Army General Stan McChrystal (ret) sits down with WATM for a discussion about national service

McChrystal Tells WATM Editor-in-Chief Ward Carroll that the American Concept of Citizenship has Deteriorated to an Alarming Degree

 Hollywood, CA (April 2, 2015) – We Are The Mighty (WATM), the military community’s entertainment and lifestyle media brand, recently sat down with General Stanley C. McChrystal (Ret.) for a conversation about America’s need for national service and how such a program would be instituted.

McChrystal, who was in New Hampshire earlier this week talking about national service and challenging Presidential candidates to make a serious commitment to national service in the upcoming election, is currently the Chair of the Franklin Project at the Aspen Institute. The Franklin Project aims to make a year of full-time national service – a service year – a cultural expectation, common opportunity, and civic rite of passage for every young American. The project doesn’t have designs on being mandatory like the military draft but rather on creating an atmosphere of national expectation based on the value of a year of national service.

McChrystal, who led the war effort in Afghanistan from 2009-2010, feels strongly that the concept of citizenship has deteriorated in America. He expressed concern that without a program to create a shared sense of unity, the nation’s binding principles will erode.

“We have to give more young Americans the opportunity to show the responsibility we want citizens to have,” McChrystal said.

McChrystal’s approach to the problem is based on his own service in the U.S. Army. “I found out from my military service that [a sense of citizenship] grows in you from practice,” McChrystal said. “I didn’t enter West Point at 17 years old because I had this burning desire to serve the nation . . . What I found is we have the opportunity to be part of something bigger and to contribute to it and sometimes to sacrifice for it. It causes in you a different sense of commitment to that larger idea.”

McChrystal also spoke about the importance of building in incentives to the national service infrastructure by working with the private sector and universities. “The idea is to build a system with not just altruism,” McChrystal explained. “We have to build a value proposition. [Participants] would have advantages with employers and admissions to universities . . . The business gets a more experienced person and the university gets a slightly more mature freshman.”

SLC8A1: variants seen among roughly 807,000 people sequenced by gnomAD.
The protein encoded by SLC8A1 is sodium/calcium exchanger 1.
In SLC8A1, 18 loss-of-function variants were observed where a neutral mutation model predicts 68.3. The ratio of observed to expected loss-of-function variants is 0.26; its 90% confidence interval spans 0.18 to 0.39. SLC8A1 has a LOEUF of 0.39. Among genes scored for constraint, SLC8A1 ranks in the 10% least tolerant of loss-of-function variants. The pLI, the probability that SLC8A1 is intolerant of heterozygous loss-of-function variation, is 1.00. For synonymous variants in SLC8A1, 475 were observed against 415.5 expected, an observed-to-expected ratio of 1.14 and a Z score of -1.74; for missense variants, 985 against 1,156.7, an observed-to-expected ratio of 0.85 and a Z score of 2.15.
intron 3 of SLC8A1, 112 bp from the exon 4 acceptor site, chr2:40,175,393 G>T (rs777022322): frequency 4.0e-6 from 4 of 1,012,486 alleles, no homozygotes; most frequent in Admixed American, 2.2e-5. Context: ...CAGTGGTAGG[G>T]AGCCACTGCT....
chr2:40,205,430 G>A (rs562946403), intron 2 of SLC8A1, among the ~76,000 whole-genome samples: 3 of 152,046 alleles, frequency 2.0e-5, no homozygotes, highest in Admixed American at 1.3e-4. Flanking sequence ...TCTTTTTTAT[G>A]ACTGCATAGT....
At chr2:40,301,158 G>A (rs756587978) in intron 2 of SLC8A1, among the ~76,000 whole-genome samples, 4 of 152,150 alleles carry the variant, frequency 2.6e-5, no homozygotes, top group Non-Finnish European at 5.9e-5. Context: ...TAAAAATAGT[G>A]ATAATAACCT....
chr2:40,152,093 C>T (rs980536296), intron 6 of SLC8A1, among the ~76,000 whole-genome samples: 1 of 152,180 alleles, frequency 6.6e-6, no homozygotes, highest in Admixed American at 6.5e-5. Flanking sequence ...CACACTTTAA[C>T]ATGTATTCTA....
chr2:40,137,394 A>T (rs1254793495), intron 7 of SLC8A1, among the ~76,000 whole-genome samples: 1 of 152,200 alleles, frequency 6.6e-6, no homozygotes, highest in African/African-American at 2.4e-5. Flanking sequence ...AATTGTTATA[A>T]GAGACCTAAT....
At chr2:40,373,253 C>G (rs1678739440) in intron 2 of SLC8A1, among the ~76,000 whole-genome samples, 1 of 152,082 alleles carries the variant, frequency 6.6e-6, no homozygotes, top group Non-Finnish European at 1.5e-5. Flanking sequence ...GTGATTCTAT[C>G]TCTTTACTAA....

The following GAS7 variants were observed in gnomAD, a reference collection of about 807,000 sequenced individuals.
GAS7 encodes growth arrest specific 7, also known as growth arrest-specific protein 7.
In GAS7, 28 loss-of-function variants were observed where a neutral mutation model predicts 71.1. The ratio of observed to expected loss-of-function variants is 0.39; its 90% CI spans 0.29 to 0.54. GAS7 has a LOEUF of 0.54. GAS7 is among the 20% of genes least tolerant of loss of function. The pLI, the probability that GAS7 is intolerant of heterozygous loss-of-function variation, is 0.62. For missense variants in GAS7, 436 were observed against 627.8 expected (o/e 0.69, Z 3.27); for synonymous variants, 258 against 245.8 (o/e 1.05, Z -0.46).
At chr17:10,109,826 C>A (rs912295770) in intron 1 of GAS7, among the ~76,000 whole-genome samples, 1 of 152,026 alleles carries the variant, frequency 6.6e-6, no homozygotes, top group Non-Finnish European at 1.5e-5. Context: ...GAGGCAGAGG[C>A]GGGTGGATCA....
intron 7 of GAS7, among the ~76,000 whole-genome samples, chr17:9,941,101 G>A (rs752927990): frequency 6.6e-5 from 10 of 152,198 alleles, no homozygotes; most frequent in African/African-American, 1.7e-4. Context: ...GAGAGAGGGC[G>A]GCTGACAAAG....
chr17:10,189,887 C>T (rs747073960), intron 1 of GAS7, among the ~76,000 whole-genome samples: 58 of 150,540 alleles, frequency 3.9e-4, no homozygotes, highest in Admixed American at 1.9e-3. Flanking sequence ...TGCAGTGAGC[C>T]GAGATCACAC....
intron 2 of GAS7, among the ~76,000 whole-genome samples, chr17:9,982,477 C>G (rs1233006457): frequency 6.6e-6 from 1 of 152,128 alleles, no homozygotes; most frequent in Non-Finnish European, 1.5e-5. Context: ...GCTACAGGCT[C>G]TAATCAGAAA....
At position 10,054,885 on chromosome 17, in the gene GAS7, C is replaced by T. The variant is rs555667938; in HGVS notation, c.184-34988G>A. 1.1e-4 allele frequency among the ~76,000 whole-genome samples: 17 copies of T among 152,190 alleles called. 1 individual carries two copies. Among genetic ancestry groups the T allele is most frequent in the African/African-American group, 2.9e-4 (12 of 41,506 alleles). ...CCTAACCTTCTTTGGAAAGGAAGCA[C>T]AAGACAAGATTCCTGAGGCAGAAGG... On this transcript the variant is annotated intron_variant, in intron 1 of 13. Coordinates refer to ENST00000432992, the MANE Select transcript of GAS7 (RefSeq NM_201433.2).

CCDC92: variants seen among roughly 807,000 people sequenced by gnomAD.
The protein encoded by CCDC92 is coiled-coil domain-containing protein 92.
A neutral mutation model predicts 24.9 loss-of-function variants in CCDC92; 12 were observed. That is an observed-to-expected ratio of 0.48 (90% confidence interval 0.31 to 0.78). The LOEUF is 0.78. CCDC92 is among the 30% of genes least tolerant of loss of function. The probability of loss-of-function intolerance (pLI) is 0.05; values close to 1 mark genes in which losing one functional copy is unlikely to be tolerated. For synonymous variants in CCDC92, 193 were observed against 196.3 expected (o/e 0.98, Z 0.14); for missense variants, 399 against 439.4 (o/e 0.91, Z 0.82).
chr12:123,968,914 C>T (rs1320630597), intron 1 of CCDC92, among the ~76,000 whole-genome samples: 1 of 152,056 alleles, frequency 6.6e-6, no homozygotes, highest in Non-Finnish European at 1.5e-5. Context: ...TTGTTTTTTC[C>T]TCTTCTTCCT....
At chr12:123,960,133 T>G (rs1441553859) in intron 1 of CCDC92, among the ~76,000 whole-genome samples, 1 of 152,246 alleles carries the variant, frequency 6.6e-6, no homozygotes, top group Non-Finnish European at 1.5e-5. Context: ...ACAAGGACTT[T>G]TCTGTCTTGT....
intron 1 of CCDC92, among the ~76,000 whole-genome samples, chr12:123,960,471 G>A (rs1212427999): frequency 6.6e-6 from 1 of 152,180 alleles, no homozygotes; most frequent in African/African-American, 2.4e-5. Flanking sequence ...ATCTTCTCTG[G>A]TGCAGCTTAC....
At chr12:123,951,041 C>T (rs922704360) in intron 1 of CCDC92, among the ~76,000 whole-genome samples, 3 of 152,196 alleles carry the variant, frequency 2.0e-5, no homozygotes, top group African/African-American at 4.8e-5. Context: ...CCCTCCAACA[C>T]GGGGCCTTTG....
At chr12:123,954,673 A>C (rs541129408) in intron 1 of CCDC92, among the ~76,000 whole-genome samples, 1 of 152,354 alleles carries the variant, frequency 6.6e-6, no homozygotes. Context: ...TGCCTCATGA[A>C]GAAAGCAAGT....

Click here to watch the conversation with General McChrystal on WATM.


We Are The Mighty (WATM) is the military community’s media and lifestyle brand, bringing together this large and passionate group with authentic content of every type and genre, ranging from fun and funny, to poignant and powerful that entertains, informs and celebrates military life. The military community is a “mega niche” of more than 130 million active duty personnel, veterans and direct family members who are connected through common interests and experiences. Founded by two MTV/Viacom alums with decades of film, TV and digital media success, WATM is driven by a talented team of veterans with experience in both traditional and emerging media. WATM is a “double bottom line” company that seeks to empower the community and address their needs.; @WeAreTheMighty;


The Franklin Project is a new venture by the Aspen Institute to marshal the best case for a voluntary civilian counterpart to military service in the United States. At the 2012 Aspen Ideas Festival, General Stanley McChrystal called for large-scale civilian national service to engage more Americans in serving community and country. The Franklin Project believes national service can and should become a common expectation and common opportunity for all Americans to strengthen our social fabric and solve our most pressing national challenges. To realize this vision, the Franklin Project engages outstanding Americans from the private sector, higher education, government, the military, the faith community, the philanthropy, and nonprofit organizations, to develop innovative policy ideas and to build momentum around advancing a new vision of civilian service for the 21st century.  www.franklinproject org @FranklinProj

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Samantha Srinivasan